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his cause ;

that he was treated as a malefactor, numbered with those who were appointed to die, and for some years in a dungeon; and yet, in the midst of all, he was meek and patient, and opened not his mouth in murmur and complaint. We here observe a striking picture of that blessed Redeemer, who in the midst of his sorrow was more afflicted than any man. He could say of a truth, “I am become a stranger unto my brethren, and an alien unto my mother's children.” “ He came to his own, and his own received him not”-he came upon an errand of love, but they despised all his good; when they saw him, they said, “Let us kill him;" they sought to apprehend him, but were restrained by an immediate influence upon their minds till his hour arrived. At length he was bartered for thirty pieces of silver, and delivered up into the hands of strangers; and then faise witnesses rose up against him, he was numbered with the transgressors, and crucified between two thieves, the pardon of one of them (like that of the chief butler, by Joseph) being predicted. But what do we hear ? Expressions of anger

and resentment? No; he was oppressed, and he was afflicted, yet he opened not his mouth; he went down into the lower parts of the earth, and continued a prisoner there three days, and his humiliation ended in triumph; he was suddenly exalted to glory. We have seen the patriarch advanced from prison, and clothed with supreme power, so that all people bowed before him, and even distant nations paid their homage to him; and of Christ it has long since been said, that all power is given to him in heaven and in earth, and all nations shall bow before him. All the stores of Egypt were committed to the management of Joseph, and bread for the support of life could be received from no one but him. Pharaoh's answer to every one wasGo unto Joseph ; so the only answer that could be made to every one of you, if you would not perish for ever, isGo to Christ. He is now exalted by the Father over all. It has pleased the Father, who has exalted him above all principalities and power, that in him should all fulness dwell; and that for every spiritual benefit for which you can hope, the hungry soul must go to Christ. I will not now dwell on the freedom of his gifts, and on his promise of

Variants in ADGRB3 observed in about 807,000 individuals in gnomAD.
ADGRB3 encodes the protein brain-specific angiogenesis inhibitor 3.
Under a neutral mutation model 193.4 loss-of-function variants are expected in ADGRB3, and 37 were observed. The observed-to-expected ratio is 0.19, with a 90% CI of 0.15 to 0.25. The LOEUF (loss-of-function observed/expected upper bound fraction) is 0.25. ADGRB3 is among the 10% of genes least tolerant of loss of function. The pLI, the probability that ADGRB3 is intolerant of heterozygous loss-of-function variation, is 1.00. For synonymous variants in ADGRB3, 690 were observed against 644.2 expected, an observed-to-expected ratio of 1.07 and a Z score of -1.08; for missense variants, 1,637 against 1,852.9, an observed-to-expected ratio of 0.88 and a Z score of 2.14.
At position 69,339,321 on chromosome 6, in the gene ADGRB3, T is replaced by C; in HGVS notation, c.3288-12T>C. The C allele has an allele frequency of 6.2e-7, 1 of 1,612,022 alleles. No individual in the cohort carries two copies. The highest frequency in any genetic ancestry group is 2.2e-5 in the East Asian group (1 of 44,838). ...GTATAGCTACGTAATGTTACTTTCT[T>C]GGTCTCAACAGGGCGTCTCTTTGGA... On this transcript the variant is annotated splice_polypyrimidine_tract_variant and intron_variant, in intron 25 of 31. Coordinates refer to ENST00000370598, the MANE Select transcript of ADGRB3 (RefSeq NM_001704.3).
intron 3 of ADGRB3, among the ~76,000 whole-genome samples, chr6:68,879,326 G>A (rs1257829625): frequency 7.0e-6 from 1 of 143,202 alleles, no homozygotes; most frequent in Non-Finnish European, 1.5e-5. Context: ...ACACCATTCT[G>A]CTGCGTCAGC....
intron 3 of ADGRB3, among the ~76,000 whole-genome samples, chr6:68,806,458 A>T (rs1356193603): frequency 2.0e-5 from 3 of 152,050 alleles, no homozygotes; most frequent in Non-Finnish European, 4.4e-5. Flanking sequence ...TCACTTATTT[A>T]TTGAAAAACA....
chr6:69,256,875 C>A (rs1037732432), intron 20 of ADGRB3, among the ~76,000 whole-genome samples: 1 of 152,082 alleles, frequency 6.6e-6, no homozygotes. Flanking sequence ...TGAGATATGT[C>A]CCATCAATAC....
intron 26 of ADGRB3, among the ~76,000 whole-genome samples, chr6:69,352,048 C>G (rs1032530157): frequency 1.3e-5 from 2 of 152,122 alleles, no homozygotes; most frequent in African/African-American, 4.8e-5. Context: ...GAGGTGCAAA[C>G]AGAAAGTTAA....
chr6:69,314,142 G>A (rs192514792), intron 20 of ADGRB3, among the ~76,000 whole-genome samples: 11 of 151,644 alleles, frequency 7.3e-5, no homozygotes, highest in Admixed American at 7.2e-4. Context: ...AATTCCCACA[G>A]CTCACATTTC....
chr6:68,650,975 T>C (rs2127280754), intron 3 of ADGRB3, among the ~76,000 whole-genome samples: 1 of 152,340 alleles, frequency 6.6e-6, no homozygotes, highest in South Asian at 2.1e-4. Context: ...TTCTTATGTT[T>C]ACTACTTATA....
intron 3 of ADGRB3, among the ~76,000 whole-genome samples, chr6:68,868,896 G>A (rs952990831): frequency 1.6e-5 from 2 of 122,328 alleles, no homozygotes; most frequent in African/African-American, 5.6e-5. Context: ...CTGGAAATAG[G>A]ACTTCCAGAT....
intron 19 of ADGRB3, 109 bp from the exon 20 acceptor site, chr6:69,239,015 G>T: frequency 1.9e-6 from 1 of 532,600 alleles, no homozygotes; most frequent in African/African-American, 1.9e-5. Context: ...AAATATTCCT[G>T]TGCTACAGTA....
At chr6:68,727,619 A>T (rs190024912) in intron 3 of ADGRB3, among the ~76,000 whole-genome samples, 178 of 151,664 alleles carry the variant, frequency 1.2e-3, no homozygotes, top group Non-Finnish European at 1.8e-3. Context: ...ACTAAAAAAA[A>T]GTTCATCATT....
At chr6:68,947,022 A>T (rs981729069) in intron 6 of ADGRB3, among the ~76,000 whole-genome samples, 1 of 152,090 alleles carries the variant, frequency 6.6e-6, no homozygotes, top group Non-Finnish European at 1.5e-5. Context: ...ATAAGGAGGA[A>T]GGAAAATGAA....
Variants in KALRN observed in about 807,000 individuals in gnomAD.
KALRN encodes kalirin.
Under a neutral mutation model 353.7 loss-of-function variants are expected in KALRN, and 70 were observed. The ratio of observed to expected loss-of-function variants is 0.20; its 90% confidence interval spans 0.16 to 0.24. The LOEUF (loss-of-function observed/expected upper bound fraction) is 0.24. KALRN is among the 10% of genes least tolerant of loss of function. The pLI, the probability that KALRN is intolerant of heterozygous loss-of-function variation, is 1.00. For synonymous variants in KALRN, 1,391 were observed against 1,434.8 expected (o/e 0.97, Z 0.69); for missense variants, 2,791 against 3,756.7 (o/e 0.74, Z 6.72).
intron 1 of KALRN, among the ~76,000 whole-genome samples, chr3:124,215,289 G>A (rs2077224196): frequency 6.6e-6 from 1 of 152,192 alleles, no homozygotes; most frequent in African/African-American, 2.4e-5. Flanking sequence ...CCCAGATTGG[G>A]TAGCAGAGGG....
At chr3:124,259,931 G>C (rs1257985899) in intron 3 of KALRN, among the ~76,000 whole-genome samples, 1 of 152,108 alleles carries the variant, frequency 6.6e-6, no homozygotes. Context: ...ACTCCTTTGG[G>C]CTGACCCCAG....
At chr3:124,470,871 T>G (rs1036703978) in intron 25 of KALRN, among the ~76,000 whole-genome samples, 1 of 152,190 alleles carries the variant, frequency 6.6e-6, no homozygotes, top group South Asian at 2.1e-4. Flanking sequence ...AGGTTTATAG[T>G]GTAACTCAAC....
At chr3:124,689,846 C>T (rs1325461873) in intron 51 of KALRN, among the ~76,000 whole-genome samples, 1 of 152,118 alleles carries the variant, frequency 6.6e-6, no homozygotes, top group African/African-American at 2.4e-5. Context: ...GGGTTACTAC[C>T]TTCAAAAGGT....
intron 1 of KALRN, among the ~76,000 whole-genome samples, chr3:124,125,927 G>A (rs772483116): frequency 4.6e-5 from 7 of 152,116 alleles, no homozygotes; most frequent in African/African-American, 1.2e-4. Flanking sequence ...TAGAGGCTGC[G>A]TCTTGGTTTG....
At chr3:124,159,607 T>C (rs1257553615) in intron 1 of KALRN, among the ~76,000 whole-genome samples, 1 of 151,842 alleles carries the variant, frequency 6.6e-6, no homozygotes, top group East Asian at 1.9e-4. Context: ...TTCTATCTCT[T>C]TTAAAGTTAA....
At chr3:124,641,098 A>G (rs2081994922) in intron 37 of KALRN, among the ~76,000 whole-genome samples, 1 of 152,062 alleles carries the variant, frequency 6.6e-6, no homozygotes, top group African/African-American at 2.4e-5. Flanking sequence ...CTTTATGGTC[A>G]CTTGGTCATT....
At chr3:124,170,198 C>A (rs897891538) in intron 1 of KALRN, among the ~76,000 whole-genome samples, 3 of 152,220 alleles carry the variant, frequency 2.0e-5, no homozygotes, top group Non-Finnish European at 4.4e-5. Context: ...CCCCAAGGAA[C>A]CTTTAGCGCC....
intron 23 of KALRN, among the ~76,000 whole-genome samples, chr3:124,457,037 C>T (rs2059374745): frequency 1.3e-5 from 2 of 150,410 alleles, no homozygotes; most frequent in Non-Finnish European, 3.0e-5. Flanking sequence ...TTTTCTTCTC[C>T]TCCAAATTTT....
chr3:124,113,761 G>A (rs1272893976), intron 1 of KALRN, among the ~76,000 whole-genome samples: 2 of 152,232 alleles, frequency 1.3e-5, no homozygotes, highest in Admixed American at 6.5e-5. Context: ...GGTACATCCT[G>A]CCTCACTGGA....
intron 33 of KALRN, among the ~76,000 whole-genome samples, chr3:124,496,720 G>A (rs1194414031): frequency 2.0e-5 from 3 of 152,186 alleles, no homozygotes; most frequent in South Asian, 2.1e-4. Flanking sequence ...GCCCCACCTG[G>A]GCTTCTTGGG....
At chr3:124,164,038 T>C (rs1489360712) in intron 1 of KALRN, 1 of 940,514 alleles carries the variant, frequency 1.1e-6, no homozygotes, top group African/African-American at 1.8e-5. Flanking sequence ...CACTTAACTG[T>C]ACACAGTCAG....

mercy, when he declares that he giveth freely, without money and without price; nor shall I show how Jesus longs after his absent brethren, how he knows them when they know not him, and determines to have every one of them brought to him, that he may fill them with all his fulness. Joseph seemed first of all as if he would not listen to his brethren; but when he turned away his face from them it was only that he might weep tears of joy at seeing them. So Jesus, when the heavy-laden sinner kneels before him, may seem to hide his face, but his heart is moved with love and compassion ; he forgets every injury, forgives them every sin they have committed against him, and seems to require nothing of them but that they should bring their other brethren, to be partakers with them of the grace of life.

If a person were distrest and hungry in the land of Egypt, he was directed to go to. Joseph ; and if there should be any person here to-day very unhappy on any account, or distressed for sin, or hungry for something better than this world can give, even for the bread of life, I would say to him-Go to Jesus.